How modern technology has opened international bicycle tours to all ages


The authors breathe a little. Timothy Leland/The Boston Globe

The hill was short, but steep. Very stiff. So stiff that we could see the leg muscles of our 49-year-old son in front of us swell, tense against the pedals. The back of his bike shirt was black with sweat and he was leaning over the bike handles, giving his all on the steep incline to our castle, working the leg muscles he had conditioned over several weeks on his fanciful exercise Peloton cycling home.

We didn’t do any special conditioning for this European bike trip. We do not have an exercise bike. One of us, the father, was 80 years old, the other — the mother-in-law — was . . . well, old too.

The steep hill ahead was a killer. It would require our full attention. We both pressed the same button on our handlebars, the one that gives maximum power. We could feel the instantaneous thrust of our pedals, the force of a magical, invisible hand pushing our bikes from behind.

The thrust of our shriveled old leg muscles pumped the pedals, propelling us effortlessly up the steep slope of the hill without delay, passing our sweaty, laboring son halfway to the summit.

We waved at him as we passed on our e-bikes.

Five years ago, when we hit our mid-70s, we assumed, sadly, that our cycling days were over. We were over the hill, so to speak, when it came to this activity. More of those luxury bike tours we had taken in Europe and California, and enjoyed so much. In all we had made 12 of these trips, writing about each of them for the Globe Travel section, providing material for a book we published two years ago: ‘Thirty Years on Two Wheels: A Biking Odyssey’ .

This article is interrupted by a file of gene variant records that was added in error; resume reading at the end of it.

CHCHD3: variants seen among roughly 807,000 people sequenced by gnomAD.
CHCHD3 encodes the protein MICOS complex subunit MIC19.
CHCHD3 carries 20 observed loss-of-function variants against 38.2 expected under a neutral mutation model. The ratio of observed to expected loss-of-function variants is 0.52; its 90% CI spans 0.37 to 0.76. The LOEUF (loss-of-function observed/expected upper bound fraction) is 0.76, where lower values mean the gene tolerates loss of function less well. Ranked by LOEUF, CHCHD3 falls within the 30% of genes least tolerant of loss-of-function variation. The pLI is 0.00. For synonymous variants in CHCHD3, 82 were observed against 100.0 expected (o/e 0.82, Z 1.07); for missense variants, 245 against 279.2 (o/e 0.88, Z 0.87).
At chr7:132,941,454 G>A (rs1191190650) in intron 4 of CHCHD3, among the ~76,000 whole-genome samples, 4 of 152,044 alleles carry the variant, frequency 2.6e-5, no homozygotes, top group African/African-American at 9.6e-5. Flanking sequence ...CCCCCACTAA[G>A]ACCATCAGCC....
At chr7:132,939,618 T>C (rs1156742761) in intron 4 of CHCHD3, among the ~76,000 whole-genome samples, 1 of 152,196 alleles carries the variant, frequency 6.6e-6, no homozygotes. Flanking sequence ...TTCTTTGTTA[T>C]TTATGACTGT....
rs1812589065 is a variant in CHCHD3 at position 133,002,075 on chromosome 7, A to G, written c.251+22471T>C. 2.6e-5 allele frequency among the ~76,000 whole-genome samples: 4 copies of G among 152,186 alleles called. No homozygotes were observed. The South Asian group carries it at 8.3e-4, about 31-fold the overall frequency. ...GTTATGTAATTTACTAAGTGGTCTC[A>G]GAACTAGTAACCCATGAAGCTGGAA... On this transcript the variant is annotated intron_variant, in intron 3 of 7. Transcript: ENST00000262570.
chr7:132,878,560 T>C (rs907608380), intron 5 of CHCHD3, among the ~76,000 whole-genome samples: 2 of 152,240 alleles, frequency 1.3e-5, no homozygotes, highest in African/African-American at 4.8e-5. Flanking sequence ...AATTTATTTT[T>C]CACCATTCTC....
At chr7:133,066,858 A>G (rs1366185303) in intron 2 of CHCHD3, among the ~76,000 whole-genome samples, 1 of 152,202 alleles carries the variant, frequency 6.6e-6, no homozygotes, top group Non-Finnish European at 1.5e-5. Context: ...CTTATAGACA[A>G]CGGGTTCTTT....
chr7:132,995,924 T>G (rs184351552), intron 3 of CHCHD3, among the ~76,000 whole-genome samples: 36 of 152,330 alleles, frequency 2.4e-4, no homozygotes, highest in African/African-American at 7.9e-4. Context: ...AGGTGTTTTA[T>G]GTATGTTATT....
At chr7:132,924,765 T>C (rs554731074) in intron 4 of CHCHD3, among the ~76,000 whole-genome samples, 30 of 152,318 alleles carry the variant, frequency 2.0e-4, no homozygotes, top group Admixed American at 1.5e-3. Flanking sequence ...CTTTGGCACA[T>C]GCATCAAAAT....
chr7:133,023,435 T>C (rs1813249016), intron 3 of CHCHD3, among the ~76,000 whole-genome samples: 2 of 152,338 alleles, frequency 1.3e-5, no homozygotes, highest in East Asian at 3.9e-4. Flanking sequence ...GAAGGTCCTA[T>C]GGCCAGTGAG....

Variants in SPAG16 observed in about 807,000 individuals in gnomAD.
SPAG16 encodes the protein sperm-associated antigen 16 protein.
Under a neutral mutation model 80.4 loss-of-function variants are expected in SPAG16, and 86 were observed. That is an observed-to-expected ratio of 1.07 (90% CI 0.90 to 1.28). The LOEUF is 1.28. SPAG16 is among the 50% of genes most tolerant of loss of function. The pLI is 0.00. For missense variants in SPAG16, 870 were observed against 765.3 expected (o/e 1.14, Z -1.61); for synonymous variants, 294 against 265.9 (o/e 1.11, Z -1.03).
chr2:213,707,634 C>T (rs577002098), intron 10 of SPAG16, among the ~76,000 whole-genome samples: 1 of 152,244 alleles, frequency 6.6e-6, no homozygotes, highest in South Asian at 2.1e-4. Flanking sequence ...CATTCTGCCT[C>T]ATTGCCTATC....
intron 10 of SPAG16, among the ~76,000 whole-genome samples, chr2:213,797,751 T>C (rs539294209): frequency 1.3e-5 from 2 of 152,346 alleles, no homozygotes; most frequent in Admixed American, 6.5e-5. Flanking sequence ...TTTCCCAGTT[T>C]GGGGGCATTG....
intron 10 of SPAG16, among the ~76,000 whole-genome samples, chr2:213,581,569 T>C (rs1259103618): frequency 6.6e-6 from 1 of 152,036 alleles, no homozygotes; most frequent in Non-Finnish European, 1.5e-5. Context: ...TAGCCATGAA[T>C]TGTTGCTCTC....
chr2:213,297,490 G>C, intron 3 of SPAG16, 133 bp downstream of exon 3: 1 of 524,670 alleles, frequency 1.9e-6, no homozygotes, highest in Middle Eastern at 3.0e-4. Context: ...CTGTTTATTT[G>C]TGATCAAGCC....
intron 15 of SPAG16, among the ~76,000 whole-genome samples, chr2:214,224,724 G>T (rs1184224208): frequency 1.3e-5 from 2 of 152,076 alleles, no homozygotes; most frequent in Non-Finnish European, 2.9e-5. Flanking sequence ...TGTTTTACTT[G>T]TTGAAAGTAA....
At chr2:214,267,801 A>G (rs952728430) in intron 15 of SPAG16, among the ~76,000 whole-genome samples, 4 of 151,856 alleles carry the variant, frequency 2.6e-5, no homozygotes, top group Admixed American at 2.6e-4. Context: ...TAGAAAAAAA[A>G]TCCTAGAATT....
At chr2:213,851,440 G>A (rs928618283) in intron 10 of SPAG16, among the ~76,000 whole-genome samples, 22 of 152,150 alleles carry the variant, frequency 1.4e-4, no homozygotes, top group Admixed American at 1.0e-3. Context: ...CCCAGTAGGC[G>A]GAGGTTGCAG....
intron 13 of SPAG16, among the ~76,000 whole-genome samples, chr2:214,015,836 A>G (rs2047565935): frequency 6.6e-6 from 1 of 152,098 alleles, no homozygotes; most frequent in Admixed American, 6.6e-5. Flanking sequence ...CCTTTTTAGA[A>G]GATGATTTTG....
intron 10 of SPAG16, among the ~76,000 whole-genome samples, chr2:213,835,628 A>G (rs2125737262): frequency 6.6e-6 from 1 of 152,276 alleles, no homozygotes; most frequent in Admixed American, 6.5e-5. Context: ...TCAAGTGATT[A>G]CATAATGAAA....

From now on, we thought that our trips on two wheels would be limited to pedaling on the sidewalk to the local library. Our clip-on bike shoes and padded bike shorts could be swapped out for sweatpants and bedroom slippers.

Earlier this year, when someone turned 80, our adult children surprised us. “Happy Birthday Dad,” they shouted, “We’re taking you on a bike trip and we’re taking you on the ride.” (We’ve never taken them cycling with us before.) “Anywhere in the world. You choose, we’ll pay!”

And that’s what we’ve done. We chose and went. . . and in the end we also paid their way. What are parents for after all? It was the best birthday present we have ever given ourselves.

Choosing where to go was not easy. With great anticipation, we sifted through all the possibilities in the bike catalogs, studying the photos, weighing the pros and cons of each: Havana to Santiago? St. Petersburg to Stockholm? Hanoi to Angkor Wat?

Hanoi to Angkor Wat? At 80? Contemplating his squeaky back, rotting hearing, questionable balance and clogged artery (doctors had told him he had one the year before), the birthday boy snapped back to reality. “And the Loire Valley? he asked plaintively, an executive decision.

And so it was at the end of May that we all celebrated his birthday by cycling through the beautiful terrain of the Loire Valley in Tours, France, and west along the river, with its fabulous castles, flowers , its birds, its castles and its crème brûlée.

It was the same month 34 years before that we took our first cycling trip, also to France, but this one was through the lush vineyards of Bordeaux. Much has changed in the world in those 34 years – but not, it turned out, the sheer joy of cycling down a narrow country road on a spring day in France, the smell of wet grass and mown hay in the air, the songs of birds in the undergrowth, the sight of white horses peering over a wire fence as you drive past.

Is there anything more soothing than leisurely pedaling along a deserted lane through a grove of young poplar trees early in the morning, the sun dappled the bright green leaves overhead, the silence broken only by the faint murmur of your tires on the dirt?

This first cycling tour of Bordeaux convinced us that there is no better way to see a foreign country (and we have seen many) than from a seat on two wheels, propelled by the thrust of your own legs. .